Can 3D-Printing and Computer Aided Design be of value in the Contemporary Urban Elementary School Curriculum?

The answer is a definitive YES!

During the past 4 weeks we tested this hypothesis as follows:

MacGyvrBot, a Personal Manufacturing Robot (also known as a table-top 3D-Printer) and Skip Meetze (both affiliated with INTERLOCK) volunteered to be part of the team teaching 4th, 5th and 6th Graders at School No. 52 in the Rochester City School District.  The 4 weeks of Tech Camp ran 3 mornings per week.  Michael Slade (another volunteer) and Susan Reuter (the teacher) rounded out the instructional team, and 20 students developed their skills at rapid prototyping while having fun learning some principles of physics.

America's Cup Toy Boat

The students each constructed an America’s Cup Toy Boat Kit (an STL file for the design can be downloaded at America’s Cup Toy Boat Kit by MacGyvrBot – Thingiverse) with soda straws and parts made on a Printrbot LC (Printrbot LC (v2) | printrbot).  Then they conducted a “shoebox regatta” where the sailboats were each sailed in a plastic shoebox half full of water.  The boats successfully (1) sailed on a reach (with wind from the side) (2) from one end of the box to the other, (3) without touching the side of the box, and (4) under the power of a student gently blowing through a straw from the side of the box.     This activity taught the students the basic principles of sailing while they developed confidence in their new skills of measuring materials (the straws) and assembling rapid prototypes (the boats) as MacGyvrBot chugged out the plastic parts right before their eyes.

Subsequently the students learned some basic skills in CAD using Tinkercad (Tinkercad – Mind to design in minutes) and Sketchup (SketchUp | 3D for Everyone).

At the end of the camp, students evaluated their experience by (anonymously) rating some of the lessons presented.

Student ratings

The Students’ ratings clearly show that using the 3D Printer and CAD are at the top of the list of things they would like to do again.

MacGyverBot in the classroom

A warning about Tinkercad:

There were special work-around requirements that we encountered for safely using the current version of Tinkercad with young students, and they will be further discussed in a later posting.  Tinkercad is resident on the internet cloud and not on the local computer, so continuous adult supervision is required (with an adult logged into the website) for Tinkercad to be safely used by kids (else the child’s access to sharing on the internet will be unsupervised).  Autodesk, the new owner of Tinkercad, is working on eliminating this requirement.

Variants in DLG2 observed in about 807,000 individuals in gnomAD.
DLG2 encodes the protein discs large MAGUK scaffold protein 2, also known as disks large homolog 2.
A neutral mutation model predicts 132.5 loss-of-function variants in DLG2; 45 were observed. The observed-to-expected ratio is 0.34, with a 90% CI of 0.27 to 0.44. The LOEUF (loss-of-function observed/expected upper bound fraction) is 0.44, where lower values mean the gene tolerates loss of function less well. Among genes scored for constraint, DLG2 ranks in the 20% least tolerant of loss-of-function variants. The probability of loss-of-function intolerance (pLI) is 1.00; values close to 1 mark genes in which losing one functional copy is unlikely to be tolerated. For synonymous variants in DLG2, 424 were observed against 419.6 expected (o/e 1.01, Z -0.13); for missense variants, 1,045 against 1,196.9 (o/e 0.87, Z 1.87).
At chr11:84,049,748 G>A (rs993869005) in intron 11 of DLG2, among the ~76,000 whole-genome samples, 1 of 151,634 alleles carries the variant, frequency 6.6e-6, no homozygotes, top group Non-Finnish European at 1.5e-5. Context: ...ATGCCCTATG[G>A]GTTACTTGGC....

Parents and teachers, stay tuned… 

More about what we learned from participating in the Tech Camp will be discussed in later postings.  One of the neat things about rapid-prototyping in the classroom is the ease with which teachers, parents and designers can share their designs and ideas with each other.

from on August 2nd, 2013Comments0 Comments

Family Friday at RMSC

Interlock brought five demonstrations to our table at the Rochester Museum & Science Center Friday, July 19, 2013.

This was noon to 4 for the Make It! installment of their summer Family Fridays series.

From left to right, we see the MacGyverbot Printrbot LC generously lent for this demonstration but often seen in operation at Interlock, the Interlock Huxley RepRapPro 3D printer, a blue and white lunch-sized slow cooker keeping some Polycaprolactone (PCL) hand-moldable and 3D-printable thermoplastic (previously) warm and ready to try for free-form molding, the shoebox regatta demonstration (with special guest Mr. Jaws!), and at the far edge, a solderless breadboard with a temperature comparator demonstration featuring two LM35 temperature sensors picked up recently from College Home Hardware in Toronto.

Interlock's table at RMSC

Interlock table at RMSC Family Friday

We shared that portion of the first floor with some folks from Greater Rochester Robotics, who brought the robot from their most recent FIRST Robotics Competition season, Ultimate Ascent. They were letting visitors move the robot around the floor and occasionally launch a plastic flying disk or two.